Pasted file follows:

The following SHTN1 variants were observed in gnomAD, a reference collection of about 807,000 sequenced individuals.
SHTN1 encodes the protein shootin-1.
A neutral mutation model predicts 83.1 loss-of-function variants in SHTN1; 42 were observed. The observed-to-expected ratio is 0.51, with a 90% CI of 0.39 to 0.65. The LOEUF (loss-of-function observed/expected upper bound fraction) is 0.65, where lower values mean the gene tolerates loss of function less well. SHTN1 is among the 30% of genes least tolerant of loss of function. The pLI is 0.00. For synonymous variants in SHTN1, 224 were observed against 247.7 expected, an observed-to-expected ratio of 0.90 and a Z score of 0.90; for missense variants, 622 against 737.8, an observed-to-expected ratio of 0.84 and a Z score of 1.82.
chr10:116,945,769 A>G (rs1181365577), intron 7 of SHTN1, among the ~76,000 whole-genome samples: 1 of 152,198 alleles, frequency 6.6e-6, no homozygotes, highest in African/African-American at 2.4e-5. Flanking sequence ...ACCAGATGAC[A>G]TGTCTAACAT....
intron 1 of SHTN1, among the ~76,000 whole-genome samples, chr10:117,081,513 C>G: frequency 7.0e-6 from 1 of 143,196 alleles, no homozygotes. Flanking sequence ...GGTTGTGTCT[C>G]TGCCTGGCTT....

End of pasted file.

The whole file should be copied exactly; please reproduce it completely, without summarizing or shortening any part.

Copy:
The following SHTN1 variants were observed in gnomAD, a reference collection of about 807,000 sequenced individuals.
SHTN1 encodes the protein shootin-1.
A neutral mutation model predicts 83.1 loss-of-function variants in SHTN1; 42 were observed. The observed-to-expected ratio is 0.51, with a 90% CI of 0.39 to 0.65. The LOEUF (loss-of-function observed/expected upper bound fraction) is 0.65, where lower values mean the gene tolerates loss of function less well. SHTN1 is among the 30% of genes least tolerant of loss of function. The pLI is 0.00. For synonymous variants in SHTN1, 224 were observed against 247.7 expected, an observed-to-expected ratio of 0.90 and a Z score of 0.90; for missense variants, 622 against 737.8, an observed-to-expected ratio of 0.84 and a Z score of 1.82.
chr10:116,945,769 A>G (rs1181365577), intron 7 of SHTN1, among the ~76,000 whole-genome samples: 1 of 152,198 alleles, frequency 6.6e-6, no homozygotes, highest in African/African-American at 2.4e-5. Flanking sequence ...ACCAGATGAC[A>G]TGTCTAACAT....
intron 1 of SHTN1, among the ~76,000 whole-genome samples, chr10:117,081,513 C>G: frequency 7.0e-6 from 1 of 143,196 alleles, no homozygotes. Flanking sequence ...GGTTGTGTCT[C>G]TGCCTGGCTT....